I told Firyubin that I saw no purpose in continuing discuss substantive questions which should probably be the subject of conference if there should be one. I would merely point out that with regard to his remarks on “position of strength” that shooting and bombing are being carried on by two sides, not just one. I then said he should know that I had told him of our efforts to approach the DRV Emb simply as a matter of information. I did not believe the attitude of DRV had any bearing on the request I had put to Firyubin. I was asking Firyubin in the name of the govt of United States to pass important communication to DRV. (During translation these remarks, Kornienko reappeared and handed note to Firyubin which latter read carefully.)

Firyubin then said flatly Sov govt would not do this. The DRV Emb has not requested this service. He said there were number of ways of passing the message to DRV and it was our responsibility to find the most convenient way.

I said I wished to understand him correctly. Was he rejecting my request to transmit the communication to the DRV?

He said this was a correct understanding of the Sov govt position. We must ourselves find the way.

I said that what I was seeking was the cooperation of the Sov govt and Firyubin’s remarks indicated clearly that the Sov govt was refusing this. Firyubin said “I am not a postman” and again said we could find our own ways of transmitting messages.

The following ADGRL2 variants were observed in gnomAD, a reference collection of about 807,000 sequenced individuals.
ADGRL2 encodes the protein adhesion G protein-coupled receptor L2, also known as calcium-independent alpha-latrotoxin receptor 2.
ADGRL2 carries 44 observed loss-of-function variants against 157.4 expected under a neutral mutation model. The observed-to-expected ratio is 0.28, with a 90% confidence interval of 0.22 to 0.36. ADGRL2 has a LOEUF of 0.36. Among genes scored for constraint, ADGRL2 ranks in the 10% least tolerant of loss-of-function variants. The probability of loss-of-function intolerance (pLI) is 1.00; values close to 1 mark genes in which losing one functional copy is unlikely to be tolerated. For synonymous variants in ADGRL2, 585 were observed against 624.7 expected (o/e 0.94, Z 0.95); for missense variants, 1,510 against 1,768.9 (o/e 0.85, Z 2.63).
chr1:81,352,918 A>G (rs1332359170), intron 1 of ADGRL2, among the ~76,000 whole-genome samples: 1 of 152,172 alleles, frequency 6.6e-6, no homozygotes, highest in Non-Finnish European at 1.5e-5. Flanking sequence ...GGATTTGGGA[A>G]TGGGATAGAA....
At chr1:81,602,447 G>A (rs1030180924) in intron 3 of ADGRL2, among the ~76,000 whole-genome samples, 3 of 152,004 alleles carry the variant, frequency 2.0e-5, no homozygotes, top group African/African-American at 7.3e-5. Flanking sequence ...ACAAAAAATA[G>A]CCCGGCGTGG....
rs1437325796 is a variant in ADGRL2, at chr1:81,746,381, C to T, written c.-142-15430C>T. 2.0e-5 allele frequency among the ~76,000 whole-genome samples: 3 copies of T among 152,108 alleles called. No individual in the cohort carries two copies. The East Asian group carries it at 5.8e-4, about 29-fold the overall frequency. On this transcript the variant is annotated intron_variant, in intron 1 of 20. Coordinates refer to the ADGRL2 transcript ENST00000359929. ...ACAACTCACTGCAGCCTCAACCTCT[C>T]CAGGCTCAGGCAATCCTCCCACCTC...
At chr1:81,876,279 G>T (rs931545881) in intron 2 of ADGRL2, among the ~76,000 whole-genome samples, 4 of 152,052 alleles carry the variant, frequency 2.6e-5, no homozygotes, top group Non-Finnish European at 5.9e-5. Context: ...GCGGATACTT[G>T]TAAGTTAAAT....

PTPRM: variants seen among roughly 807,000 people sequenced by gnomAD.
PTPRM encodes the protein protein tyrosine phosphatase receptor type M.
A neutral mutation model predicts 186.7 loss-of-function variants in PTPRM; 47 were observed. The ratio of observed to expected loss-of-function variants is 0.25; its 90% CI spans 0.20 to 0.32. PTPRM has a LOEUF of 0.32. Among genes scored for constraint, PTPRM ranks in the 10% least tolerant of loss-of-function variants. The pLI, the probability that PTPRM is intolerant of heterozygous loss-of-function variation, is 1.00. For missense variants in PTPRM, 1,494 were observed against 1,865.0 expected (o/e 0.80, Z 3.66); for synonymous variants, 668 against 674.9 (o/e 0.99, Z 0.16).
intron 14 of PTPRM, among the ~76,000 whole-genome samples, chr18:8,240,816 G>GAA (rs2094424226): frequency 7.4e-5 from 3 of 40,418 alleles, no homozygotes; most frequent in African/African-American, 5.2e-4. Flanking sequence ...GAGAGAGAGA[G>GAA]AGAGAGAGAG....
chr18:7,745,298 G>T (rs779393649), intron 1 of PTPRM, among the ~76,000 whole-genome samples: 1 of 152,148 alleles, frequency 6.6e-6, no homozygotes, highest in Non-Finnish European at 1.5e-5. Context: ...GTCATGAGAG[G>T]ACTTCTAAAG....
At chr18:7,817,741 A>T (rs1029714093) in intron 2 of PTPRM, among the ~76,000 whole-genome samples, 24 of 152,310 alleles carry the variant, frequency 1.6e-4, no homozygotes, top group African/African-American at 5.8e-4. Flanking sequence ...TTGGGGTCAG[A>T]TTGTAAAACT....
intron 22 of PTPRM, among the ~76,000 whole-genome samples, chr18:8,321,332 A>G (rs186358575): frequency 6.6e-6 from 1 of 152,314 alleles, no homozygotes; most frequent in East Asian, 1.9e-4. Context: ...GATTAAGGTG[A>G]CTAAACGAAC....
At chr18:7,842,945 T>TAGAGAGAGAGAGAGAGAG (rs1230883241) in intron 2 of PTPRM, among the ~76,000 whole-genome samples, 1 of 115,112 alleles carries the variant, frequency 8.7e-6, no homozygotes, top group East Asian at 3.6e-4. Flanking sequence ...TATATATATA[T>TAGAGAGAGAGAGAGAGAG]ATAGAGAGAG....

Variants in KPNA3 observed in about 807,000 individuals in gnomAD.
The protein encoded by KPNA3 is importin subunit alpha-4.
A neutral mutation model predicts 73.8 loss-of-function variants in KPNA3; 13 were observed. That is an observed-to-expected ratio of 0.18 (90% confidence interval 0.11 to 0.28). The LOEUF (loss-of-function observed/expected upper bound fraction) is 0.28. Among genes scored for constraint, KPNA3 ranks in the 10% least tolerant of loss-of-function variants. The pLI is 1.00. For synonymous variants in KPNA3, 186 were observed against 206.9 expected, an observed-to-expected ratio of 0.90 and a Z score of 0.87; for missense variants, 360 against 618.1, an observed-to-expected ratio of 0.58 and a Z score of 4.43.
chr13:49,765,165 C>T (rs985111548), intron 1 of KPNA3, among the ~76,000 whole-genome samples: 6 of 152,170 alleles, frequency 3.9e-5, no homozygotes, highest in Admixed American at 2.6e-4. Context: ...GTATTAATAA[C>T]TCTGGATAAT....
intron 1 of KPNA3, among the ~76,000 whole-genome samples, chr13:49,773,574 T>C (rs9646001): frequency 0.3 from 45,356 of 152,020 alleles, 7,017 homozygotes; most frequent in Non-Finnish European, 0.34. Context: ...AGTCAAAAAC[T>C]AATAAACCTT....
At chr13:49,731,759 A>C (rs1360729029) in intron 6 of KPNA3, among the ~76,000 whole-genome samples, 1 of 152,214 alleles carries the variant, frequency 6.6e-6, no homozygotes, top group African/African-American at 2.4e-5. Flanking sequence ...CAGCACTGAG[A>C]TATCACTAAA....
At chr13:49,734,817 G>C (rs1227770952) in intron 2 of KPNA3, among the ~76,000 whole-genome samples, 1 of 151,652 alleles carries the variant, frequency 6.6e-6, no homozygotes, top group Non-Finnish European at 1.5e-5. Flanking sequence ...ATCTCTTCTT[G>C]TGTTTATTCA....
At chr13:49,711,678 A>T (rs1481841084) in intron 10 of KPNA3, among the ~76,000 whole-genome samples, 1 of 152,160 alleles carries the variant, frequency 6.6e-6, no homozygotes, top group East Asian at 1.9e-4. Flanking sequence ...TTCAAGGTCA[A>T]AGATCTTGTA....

I pointed out to Firyubin that the cooperation I had requested is a well-known and not unprecented process in international diplomacy. I had great difficulty in reconciling Sov govt refusal to cooperate with its declaration in support of peaceful settlement of disputed questions.

Kornienko chimed in that he had recalled statement by both the President and Secretary of State on several occasions that the US govt has channels for transmitting messages direct to Hanoi. On this the conversation ended but it should be noted that Firyubin made no effort to [Page 651] return to me the text of the oral communication which I had handed him at the outset of the conversation.

  1. Source: Department of State, Central Files, POL 27 VIET S. Top Secret; Immediate; Nodis. Repeated to London. No time of transmission is on the source text, but it was received in the Department of State at 10:35 p.m. on May 12.
  2. Not found.
  3. Rusk was in London to attend the NAC meeting, May 12–14.
  4. Document 293.
  5. See Document 245.